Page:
An unexpected and lifechanging diagnosis, which I have never shared publicly, has shaken my family over the past few months.

In late March, I rushed my husband to the emergency room, fearing he had COVID-19. With the hospital in a virtual lockdown due to the pandemic, I couldn’t be with him as he spoke to the doctors. I waited in the car.

Around 1 a.m., my 55-year-old husband called me from the ER. His voice broke up as he told me he had leukemia. They were rushing him to Boston’s Massachusetts General Hospital.

The shock has still not worn off. He was healthy, with no family history of cancer.

Again, due to COVID-19, I could not visit him for five weeks. I could only watch from FaceTime on my cellphone. I kept two cellphones by my pillow at night: one on a stand to watch him all night and the other ready to make calls to family and his nurses and doctors.

A few nights later, I watched as his whole body heaved to take in a breath that I feared would be his last before he was moved to intensive care and put on a ventilator. Had he been admitted just a few days later, a ventilator would not have been available due to the influx of COVID-19 patients.

The entire experience has been traumatizing, but the hardest part was knowing that I couldn’t do even the smallest things to help him. I couldn’t adjust his pillow or make sure he had ice water.

To make matters worse, in the midst of all of this, I lost my mother, and I could not be with her due to the risk of contracting COVID-19 and exposing my immunocompromised husband.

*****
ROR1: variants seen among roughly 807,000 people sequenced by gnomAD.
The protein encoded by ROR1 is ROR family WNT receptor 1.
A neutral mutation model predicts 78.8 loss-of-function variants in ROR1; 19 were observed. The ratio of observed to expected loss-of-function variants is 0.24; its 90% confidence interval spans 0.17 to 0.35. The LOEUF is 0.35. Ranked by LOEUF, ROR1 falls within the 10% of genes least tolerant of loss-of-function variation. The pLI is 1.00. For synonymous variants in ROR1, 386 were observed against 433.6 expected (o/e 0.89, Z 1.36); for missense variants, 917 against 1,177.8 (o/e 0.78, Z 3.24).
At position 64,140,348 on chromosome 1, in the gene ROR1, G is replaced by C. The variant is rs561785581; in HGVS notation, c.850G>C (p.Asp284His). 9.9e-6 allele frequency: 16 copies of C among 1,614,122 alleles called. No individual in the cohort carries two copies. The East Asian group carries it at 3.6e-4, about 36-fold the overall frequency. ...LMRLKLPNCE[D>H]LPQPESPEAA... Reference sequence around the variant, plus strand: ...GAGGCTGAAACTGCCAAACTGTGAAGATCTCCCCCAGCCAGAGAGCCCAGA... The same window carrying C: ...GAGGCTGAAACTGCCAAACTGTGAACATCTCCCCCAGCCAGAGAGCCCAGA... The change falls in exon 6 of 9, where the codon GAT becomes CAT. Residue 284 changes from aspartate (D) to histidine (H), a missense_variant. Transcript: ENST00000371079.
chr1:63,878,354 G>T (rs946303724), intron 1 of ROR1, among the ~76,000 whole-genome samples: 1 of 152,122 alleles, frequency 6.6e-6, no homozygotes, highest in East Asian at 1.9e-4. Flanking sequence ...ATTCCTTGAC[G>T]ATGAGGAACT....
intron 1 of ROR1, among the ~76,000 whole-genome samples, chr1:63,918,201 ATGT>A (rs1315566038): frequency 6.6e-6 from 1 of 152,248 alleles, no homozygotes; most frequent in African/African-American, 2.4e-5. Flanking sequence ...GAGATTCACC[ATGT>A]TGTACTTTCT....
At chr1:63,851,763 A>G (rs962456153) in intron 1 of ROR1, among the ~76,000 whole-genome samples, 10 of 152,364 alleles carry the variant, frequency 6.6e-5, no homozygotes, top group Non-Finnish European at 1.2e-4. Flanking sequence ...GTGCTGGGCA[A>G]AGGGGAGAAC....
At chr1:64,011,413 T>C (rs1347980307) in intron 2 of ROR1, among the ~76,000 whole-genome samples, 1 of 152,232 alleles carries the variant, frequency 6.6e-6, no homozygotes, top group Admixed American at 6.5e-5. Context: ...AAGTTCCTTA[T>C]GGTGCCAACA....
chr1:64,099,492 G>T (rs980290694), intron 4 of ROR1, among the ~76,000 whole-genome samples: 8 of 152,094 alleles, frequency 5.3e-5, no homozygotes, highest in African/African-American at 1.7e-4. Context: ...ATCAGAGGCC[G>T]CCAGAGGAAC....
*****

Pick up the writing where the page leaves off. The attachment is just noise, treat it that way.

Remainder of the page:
I’m thankful we have good health insurance through my husband’s job and doctors who are committed to his recovery, but I’m acutely aware not everyone is as fortunate.

Sadly, my family’s story is not unique.

The reckless pursuit of corporate profits has done immeasurable damage to the environment and caused untold illness across New Hampshire.

With the highest rates of pediatric, breast, esophageal and bladder cancer in the nation, we must prevent cancer and hold our state government accountable. To ensure that happens, appointees to the courts, commissions, and regulatory agencies must prioritize public health and science over profit.

As an environmental advocate, scientist and former legislator, I have fought for clean drinking water, held polluters accountable, and studied environmentally triggered cancers and chronic illnesses in New Hampshire.

Identifying a double pediatric cancer cluster in my town was the very reason behind my entry into politics in 2016. This work has always been in service to the people of New Hampshire, but my own personal experience has brought these issues home.

Financial challenges and access to healthcare are issues that have long existed but are now exacerbated by the COVID-19 pandemic. We need to make sure that we guarantee high quality, affordable healthcare to everyone regardless of employment.

Cancer or COVID-19 diagnosis devastates us all — Democrats, Republicans, and independents alike.

Today, as I run for the Executive Council, my husband’s diagnosis has strengthened my resolve to fight for families like mine whose lives have been upended by preventable, life-threatening illness.

We need leaders who can empathize with the struggles of their constituents and who have the tools, experience, and judgment necessary to address the most pressing issues of our time.

Sharing something so personal is difficult and not something I ever imagined I would do during my bid for public office.

While shaken by this tragedy, through our shared experience, I am drawn closer to those I have fought alongside all this time, and I am filled with the resolve to continue advocating for my family, your family, and the people of New Hampshire.

Through solidarity, we shall persevere.

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Mindi Messmer, PG, CG is a Democratic candidate for District 3 Executive Council.